Our published data and the preliminary data presented in this application have demonstrated that hyperglycemia suppresses AMPK, which in turn perpetuates oxidative stress and vascular injury in diabetes. The central hypothesis of this application is that AMPK12 inhibition increases 26S activity, which increases I:B1 degradation, p65 nucleus localization, and consequent NF:B activation. Activated NF:B binds to the promoter of NAD(P)H oxidase subunits, including NOX4, gp91phox(NOX2), p67phox, p47phox, resulting in an increase in NAD(P)H oxidase activity and ROS, which causes endothelial cell dysfunction and accelerated atherosclerosis. Chronic proteasome inhibition of the 26S proteasome prevents endothelial dysfunction and atherogenesis by inhibiting proteasome-dependent NF:B-mediated activation of NAD(P)H oxidase. This hypothesis will be tested in three interrelated aims. These first two aims are designed to establish whether chronic hyperglycemia inhibition AMPK functions (Aim #1) and whether AMPK inhibition causes abnormal expression of adhesion molecules and oxidant stress in diabetes (Aim #2). Finally, we will test the contributions of RNS-mediated AMPK inhibition in the development of accelerated atherosclerosis in diabetes (Aim #3). Although the in vivo relationships among atherosclerosis, oxidant stress, and AMPK in diabetes are undoubtedly complex, the emerging role for AMPK in oxidant stress and atherosclerosis warrant further study. The studies proposed here represent the first set of definitive studies to determine the role of ONOO- and AMPK inhibition in the pathogenesis of diabetic vascular dysfunction and atherosclerosis. As such, they have the potential to explain the long recognized decrease in AMPK that occurs in animals and human patients with diabetes. We believe that the proposed studies will provide novel information as to how the metabolic stress associated with diabetes causes damage to the endothelium and how the endothelial cell attempts to protect itself against these stresses and whether ONOO- or AMPK are potential targets for therapy.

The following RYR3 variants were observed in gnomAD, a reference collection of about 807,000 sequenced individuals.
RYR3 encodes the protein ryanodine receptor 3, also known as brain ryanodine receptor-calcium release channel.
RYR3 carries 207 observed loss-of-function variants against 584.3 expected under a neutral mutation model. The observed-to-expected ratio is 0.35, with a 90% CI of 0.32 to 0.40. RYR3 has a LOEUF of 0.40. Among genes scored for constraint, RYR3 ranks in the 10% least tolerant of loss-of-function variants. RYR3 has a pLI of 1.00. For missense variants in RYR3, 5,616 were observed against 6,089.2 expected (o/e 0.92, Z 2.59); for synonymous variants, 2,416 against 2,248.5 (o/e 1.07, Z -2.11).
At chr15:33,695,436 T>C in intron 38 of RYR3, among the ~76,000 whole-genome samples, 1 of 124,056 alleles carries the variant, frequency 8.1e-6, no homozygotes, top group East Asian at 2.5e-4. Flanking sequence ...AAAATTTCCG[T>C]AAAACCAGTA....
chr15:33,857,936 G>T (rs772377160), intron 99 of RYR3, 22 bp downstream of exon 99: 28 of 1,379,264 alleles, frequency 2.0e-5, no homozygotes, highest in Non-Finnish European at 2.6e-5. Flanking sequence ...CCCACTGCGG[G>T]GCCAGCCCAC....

Public Health Relevance

Recent studies from the applicant's group and others support the idea that oxidant stress is a common pathogenic mechanism for cardiovascular diseases including diabetes, hypertension, and atherosclerosis. But the mechanisms are poorly defined. Thus, this application is aimed to determine 1) how diabetes inhibits AMPK in endothelial cells;2) To determine how AMPK inhibition results in excessive inflammation and oxidant stress;and 3) to determine the contribution of AMPK inhibition in diabetes-enhanced atherosclerosis in mouse models of atherosclerosis in vivo.

National Institute of Health (NIH)
National Heart, Lung, and Blood Institute (NHLBI)
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Vascular Cell and Molecular Biology Study Section (VCMB)
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Liu, Lijuan
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University of Oklahoma Health Sciences Center
Internal Medicine/Medicine
Schools of Medicine
Oklahoma City
United States
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